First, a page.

Concerns about inflation remain front and centre of investors’ minds and seem likely to dash hopes of a quiet summer. The most immediate concern is the extent to which inflation will rebound as economies “reopen”. This will be influenced by several factors, including the relative speed at which demand recovers and supply is restored, the extent to which any resulting price pressures are absorbed in firms’ margins, and the degree to which the rebound in global commodity prices over the past year is sustained.
We set out a framework for thinking about all of this – and navigating the data distortions caused by the pandemic – here. One conclusion was that the US was likely to experience a much larger rebound in inflation than other advanced economies. That has so far been true, although it’s fair to say that the speed of the rebound in inflation in the US and to some extent the euro-zone has been stronger than even we had anticipated.
The rise in inflation so far has largely reflected a combination of a rebound in commodity prices and what we have termed “reopening” inflation – that is to say, a rebound in prices caused by the unwinding of pandemic-era distortions. These should prove transitory, and we expect inflation in every major economy to drop back next year.
However, lurking in the background is a more fundamental concern that the pandemic will spell the end of the low inflation era of the past thirty years and mark the start of a period of structurally higher inflation over the medium term. The “rebirth of inflation” will be the theme of our annual conference this year, which once again will take the form of a series of short, punchy, virtual events held during September and October. Over the coming months we will be publishing a series of pieces exploring key aspects of the inflation debate.
One way to think about whether we are now witnessing the “rebirth” of inflation is to consider the causes of its “death” in the preceding decades. Broadly speaking there were three.
The first was a huge expansion in supply potential at a global level. The most important aspect of this was the integration of China into the world trading system. But it was also underpinned by new technologies that, for example, enabled the fragmentation of supply chains, as well as a wave of liberalising reforms that led to a more general intensification of competitive pressures.
The second factor was a determination by governments and central banks to bear down on inflation itself. This played out in different ways in different countries. But a key element was that decisions over monetary policy were made separately from government by newly independent central banks, and very often in strict accordance with inflation targets. Policy was set in a restrictive way if necessary, which both brought down inflation but also anchored inflation expectations at lower levels.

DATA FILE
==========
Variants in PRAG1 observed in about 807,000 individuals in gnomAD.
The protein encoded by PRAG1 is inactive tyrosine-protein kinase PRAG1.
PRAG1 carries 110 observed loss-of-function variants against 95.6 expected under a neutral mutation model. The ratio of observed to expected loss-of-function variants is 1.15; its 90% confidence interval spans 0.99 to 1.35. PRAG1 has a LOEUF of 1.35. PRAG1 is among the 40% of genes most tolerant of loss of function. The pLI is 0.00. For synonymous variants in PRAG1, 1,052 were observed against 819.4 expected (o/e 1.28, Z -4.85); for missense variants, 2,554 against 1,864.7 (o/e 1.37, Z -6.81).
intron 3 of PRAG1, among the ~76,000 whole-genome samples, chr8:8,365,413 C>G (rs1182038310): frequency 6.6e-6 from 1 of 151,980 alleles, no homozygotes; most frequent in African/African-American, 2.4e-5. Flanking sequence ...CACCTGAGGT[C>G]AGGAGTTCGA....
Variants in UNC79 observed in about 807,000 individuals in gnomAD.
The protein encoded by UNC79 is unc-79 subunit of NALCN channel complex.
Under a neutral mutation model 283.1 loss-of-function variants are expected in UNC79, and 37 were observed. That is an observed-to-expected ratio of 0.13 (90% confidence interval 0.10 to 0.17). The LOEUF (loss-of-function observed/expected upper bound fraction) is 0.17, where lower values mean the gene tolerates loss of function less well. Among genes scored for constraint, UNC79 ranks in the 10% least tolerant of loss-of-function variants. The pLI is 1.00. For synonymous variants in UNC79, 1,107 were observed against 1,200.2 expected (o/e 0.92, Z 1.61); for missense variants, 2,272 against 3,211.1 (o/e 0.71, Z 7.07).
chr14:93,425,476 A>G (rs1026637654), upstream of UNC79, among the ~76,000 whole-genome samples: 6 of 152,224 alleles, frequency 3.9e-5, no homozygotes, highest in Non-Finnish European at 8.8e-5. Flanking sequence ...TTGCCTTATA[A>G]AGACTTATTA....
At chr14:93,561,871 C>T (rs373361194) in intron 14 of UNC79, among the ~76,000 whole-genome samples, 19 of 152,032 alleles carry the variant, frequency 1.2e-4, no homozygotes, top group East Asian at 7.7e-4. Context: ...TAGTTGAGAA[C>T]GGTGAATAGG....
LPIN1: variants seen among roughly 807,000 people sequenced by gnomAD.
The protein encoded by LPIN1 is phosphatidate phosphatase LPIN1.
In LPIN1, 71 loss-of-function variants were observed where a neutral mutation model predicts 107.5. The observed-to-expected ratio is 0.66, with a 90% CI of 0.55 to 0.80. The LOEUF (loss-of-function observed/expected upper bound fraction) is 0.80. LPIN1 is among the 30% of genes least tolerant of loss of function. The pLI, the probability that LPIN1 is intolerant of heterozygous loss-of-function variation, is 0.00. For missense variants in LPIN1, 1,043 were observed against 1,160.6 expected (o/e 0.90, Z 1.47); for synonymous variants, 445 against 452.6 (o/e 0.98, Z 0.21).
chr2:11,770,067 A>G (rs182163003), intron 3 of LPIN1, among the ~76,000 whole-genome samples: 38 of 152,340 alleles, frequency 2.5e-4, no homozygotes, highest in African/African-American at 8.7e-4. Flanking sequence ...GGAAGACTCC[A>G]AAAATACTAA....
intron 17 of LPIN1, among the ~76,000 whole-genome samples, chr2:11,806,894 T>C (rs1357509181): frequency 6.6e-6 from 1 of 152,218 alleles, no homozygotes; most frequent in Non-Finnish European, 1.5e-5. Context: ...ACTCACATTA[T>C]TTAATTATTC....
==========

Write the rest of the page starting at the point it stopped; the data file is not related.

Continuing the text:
The final cause was a structural change in wage- and price-setting behaviour. Price controls were abandoned, and a combination of labour market liberalisation and de-unionisation reduced workers’ bargaining power. This helped to break the wage-price spirals that fuelled a rise in inflation in the 1970s and set it on a lower path.
All of these factors then fed off one another in a mutually reinforcing way to produce the era of low inflation that has been a hallmark of the global economy over the past three decades. But some of the key pillars of the low inflation era are now starting to weaken.
The huge expansion of global supply potential has slowed. Globalisation has peaked and in some ways is reversing, and demographic changes are weighing on labour force growth in many advanced countries. More fundamentally, at some point it is always possible to overwhelm supply with demand. The possibility of this happening has increased substantially following the large build-up of private savings and huge fiscal expansions seen during the pandemic. The risks are particularly acute in the US.
The attitude of governments and central banks is also shifting. After a decade in which deflation has posed a greater threat than inflation, the imperative to continue bearing down on inflation has diminished. The Fed has shifted to an average inflation target and is putting more emphasis on the “full employment” part of its dual mandate. It remains to be seen what this means in practice, or whether other major central banks will follow in the Fed’s footsteps. But at face value this appears to be a break from the past – and more radical changes to policy frameworks could follow.
At the same time, however, powerful headwinds to inflation remain. Globalisation may have peaked but the wave of reshoring that was promised by President Trump has failed to materialise. Labour markets remain highly flexible and the challenges of organising labour in the modern economy continue to limit workers’ bargaining power. And the pandemic has accelerated the adoption of new digital technologies that may in time create a new wave of disinflationary pressure.
The result is a more nuanced picture than the current polarised debate on inflation suggests. Both the survey data and the hard data on inflation look concerning but in most cases still reflect “reopening” pressures that should ease over time. There are reasons to be concerned about a rise in inflation over the medium-term, but the risks are spread unevenly between countries. And while some of the pillars of the low inflation era are weakening, others remain. We’ll be exploring all of this – and the implications for financial markets – in our forthcoming work.